Jonni N.
    http://dietfordogs.net

  • Bob K

    Sheila – Using this website as your guide you can certainly find some 2 – 4 star rated dog foods that are much better than at the same price or less. Perhaps Regular Diamond. If you have 3 dogs look at 40lb bags as the price per pound usually decreases as the bag gets larger. Shop at Menards, Farm Fleet, Fleet Farm, TCS for large bags and decent prices. Transition slowly to a new dog food. Why the switch in dog foods anyway?

  • Sheila

    My dogs won’t eat the stuff! My 10-year-old dog drank water all day and peed constantly. I have a 20-lb. bag that I am returning to the store for a refund. I’m afraid my three dogs are going to starve to death! We are retired and living on a very fixed income. Not sure what other dog food to feed them that won’t put a huge dent in our budget. But this new Fit and Healthy food is awful. I won’t even donate it to the local pound!

  • http://www.dfwpugs.com/ sandy

    There is a “suggested low fat foods” list here and only 4 and 5 stars. Just type it into the search box at the top left of this page.

    http://www.dogfoodadvisor.com/best-dog-foods/suggested-low-fat-dog-food/

    Just look at the review for Purina Be Happy! This is their NEW food that just came out last year. After years and years of research by veterinary nutritionists, this is what they came up with for a new product??? Yikes! I just can’t support this company in any way.

    http://www.dogfoodadvisor.com/dog-food-reviews/purina-be-happy-dog-food/

    Good luck with the food transition. For some dogs, it’s hard, and for some dogs, not so bad.

  • Cherie

    After reading all of these posts I now know why my dog has been pooping all over the floor when we are gone. I am switching them over immediately this is terrible! Cannot believe they would even allow this food to be sold Considering all of the bad things about it. Any suggestions on different brand?

  • Pattyvaughn

    Try NutriSource. It is usually easy for dogs to transition to and they have a few different flavors you can rotate between. Then try something else. Variety is healthy.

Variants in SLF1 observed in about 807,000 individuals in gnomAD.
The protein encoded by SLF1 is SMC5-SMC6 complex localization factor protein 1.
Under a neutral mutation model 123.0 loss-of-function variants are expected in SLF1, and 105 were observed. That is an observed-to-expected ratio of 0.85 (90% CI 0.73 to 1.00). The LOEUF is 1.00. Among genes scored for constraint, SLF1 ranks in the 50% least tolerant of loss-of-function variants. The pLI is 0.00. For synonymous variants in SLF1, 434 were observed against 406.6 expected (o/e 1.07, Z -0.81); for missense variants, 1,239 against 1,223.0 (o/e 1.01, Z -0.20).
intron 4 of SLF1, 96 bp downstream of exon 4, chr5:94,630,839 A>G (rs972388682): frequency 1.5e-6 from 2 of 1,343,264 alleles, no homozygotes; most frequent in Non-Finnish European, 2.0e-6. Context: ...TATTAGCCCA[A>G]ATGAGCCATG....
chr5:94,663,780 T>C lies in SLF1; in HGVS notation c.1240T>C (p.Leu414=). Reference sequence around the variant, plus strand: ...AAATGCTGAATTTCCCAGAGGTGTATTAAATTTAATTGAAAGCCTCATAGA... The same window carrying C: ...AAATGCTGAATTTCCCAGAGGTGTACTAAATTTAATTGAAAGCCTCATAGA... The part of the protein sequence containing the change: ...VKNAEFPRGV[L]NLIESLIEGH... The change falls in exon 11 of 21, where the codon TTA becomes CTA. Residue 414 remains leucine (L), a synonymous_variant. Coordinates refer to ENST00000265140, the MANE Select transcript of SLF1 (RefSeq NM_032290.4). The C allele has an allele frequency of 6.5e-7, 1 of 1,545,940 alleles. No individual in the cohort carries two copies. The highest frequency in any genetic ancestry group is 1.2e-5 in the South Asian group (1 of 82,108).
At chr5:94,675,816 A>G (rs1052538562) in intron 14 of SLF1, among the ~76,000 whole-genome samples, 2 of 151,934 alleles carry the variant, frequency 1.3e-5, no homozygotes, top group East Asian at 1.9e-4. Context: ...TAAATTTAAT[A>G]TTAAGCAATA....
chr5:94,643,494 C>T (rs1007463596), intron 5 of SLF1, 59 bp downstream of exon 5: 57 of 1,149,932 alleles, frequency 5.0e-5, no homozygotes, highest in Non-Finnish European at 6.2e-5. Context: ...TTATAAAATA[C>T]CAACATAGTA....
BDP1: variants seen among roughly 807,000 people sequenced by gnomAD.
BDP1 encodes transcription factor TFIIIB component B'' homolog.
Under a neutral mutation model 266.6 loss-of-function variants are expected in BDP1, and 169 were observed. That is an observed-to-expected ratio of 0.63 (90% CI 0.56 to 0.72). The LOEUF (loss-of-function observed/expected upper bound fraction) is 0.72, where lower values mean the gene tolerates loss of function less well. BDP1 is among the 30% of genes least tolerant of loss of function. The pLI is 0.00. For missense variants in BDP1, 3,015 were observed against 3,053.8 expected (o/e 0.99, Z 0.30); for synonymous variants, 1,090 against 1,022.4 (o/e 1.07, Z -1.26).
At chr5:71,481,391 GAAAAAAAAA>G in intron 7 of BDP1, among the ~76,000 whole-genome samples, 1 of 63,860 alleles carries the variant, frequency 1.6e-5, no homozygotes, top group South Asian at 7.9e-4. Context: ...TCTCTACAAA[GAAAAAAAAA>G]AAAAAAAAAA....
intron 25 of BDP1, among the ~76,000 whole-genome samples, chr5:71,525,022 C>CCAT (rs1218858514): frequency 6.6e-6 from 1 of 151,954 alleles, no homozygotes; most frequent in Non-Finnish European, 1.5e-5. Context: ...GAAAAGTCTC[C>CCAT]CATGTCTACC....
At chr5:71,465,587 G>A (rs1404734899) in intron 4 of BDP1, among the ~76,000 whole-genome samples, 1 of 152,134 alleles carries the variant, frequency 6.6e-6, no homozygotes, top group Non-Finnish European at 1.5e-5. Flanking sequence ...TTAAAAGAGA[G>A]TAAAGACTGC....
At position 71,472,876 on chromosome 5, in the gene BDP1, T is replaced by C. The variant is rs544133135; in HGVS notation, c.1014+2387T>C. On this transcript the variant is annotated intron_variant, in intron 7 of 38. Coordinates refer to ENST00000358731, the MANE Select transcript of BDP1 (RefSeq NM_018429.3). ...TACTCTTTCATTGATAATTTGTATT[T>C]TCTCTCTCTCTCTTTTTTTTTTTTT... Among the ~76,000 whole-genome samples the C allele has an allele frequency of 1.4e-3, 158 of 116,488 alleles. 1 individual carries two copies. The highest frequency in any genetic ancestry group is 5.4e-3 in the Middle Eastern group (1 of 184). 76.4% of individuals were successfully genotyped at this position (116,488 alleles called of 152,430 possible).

• Cyndi

    Well, I think any of the 4 or 5 star foods on this site. Or even a 3 star wold be better than anything Purina, in my opinion. I feed my dog a raw diet since finding this site & after seeing how crappy the Purina One, that I WAS feeding, is. I know alot of people on her use Nature’s Variety. I can’t think of any others off the top of my head right now. I’m sure any of the regulars on here can recommend a few others.

  • Michelle

    what food do you recommend?!

  • Cyndi

    There’s nothing healthy about Purina’s “healthy morsels”. There’s nothing but crap in that so called “food”. If you think your dog is doing great on it, you should switch him to a better, more quality food and see how much better he does.

  • michelle

    i have a large breed dog and I’ve always fed him purina, and he has always loved it. although, about 2 months ago we put him on the light and healthy. my dog is half great dane and half sheppard and chow, and he’s always had such a beautiful posture and coat. ever since we put him on that food he has lost weight making it seem like i don’t care for my dog, his poops were never solid and he pooped a lot more, and always his coat looked unhealthy. i personally like purina and i feed my dogs healthy morsels, but this particular product has me upset due to what the effect it had on my beautiful baby boy. I’ll never ever use the light and healthy brand of purina. now that my dog has been back on healthy morsels for about a week i can already see a rapid change in his weight and his poops are solid and he isn’t pooping as much.I’m personally thinking it’s due to the fact that he’sbsuch a large dog that it wasn’t giving him the amount of nutrients he needed, but from these views it honestly upsets me that they continue to sell this product of Purina.

  • Kailydogsmomma

    I have been feeding my dog and my parents dog this “Light and healthy” stuff for about 2 weeks now. Every time we walk our dogs they poop 2 to 3 times (3 to 4 times a day). Its gotten to the point that when we pu the food in thier bowls, they will not eat it unless we put something on top of it (chicken or broth, anything…). SO this all makes sense now and Im completely worried after reading the April Brown case below. My dog is 10 and I have never had any health isues with her… I will be changing her food asap. Thanks for all the insight guys!!